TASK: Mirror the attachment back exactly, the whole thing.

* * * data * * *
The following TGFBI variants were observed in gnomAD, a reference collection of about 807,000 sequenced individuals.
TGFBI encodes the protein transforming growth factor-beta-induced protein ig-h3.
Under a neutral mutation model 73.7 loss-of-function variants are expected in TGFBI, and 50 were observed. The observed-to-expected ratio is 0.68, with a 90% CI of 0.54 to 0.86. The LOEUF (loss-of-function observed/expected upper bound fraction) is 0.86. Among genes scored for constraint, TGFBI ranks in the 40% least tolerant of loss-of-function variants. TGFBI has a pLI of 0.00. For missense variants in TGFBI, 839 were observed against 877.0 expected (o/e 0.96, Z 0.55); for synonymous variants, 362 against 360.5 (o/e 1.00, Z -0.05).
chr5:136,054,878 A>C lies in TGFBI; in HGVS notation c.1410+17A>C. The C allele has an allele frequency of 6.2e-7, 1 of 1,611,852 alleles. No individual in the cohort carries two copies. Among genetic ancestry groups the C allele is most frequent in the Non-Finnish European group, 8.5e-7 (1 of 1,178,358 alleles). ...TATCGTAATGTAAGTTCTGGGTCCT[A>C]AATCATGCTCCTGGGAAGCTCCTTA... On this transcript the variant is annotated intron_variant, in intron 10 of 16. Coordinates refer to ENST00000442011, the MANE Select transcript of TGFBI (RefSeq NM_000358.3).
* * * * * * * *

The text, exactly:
The following TGFBI variants were observed in gnomAD, a reference collection of about 807,000 sequenced individuals.
TGFBI encodes the protein transforming growth factor-beta-induced protein ig-h3.
Under a neutral mutation model 73.7 loss-of-function variants are expected in TGFBI, and 50 were observed. The observed-to-expected ratio is 0.68, with a 90% CI of 0.54 to 0.86. The LOEUF (loss-of-function observed/expected upper bound fraction) is 0.86. Among genes scored for constraint, TGFBI ranks in the 40% least tolerant of loss-of-function variants. TGFBI has a pLI of 0.00. For missense variants in TGFBI, 839 were observed against 877.0 expected (o/e 0.96, Z 0.55); for synonymous variants, 362 against 360.5 (o/e 1.00, Z -0.05).
chr5:136,054,878 A>C lies in TGFBI; in HGVS notation c.1410+17A>C. The C allele has an allele frequency of 6.2e-7, 1 of 1,611,852 alleles. No individual in the cohort carries two copies. Among genetic ancestry groups the C allele is most frequent in the Non-Finnish European group, 8.5e-7 (1 of 1,178,358 alleles). ...TATCGTAATGTAAGTTCTGGGTCCT[A>C]AATCATGCTCCTGGGAAGCTCCTTA... On this transcript the variant is annotated intron_variant, in intron 10 of 16. Coordinates refer to ENST00000442011, the MANE Select transcript of TGFBI (RefSeq NM_000358.3).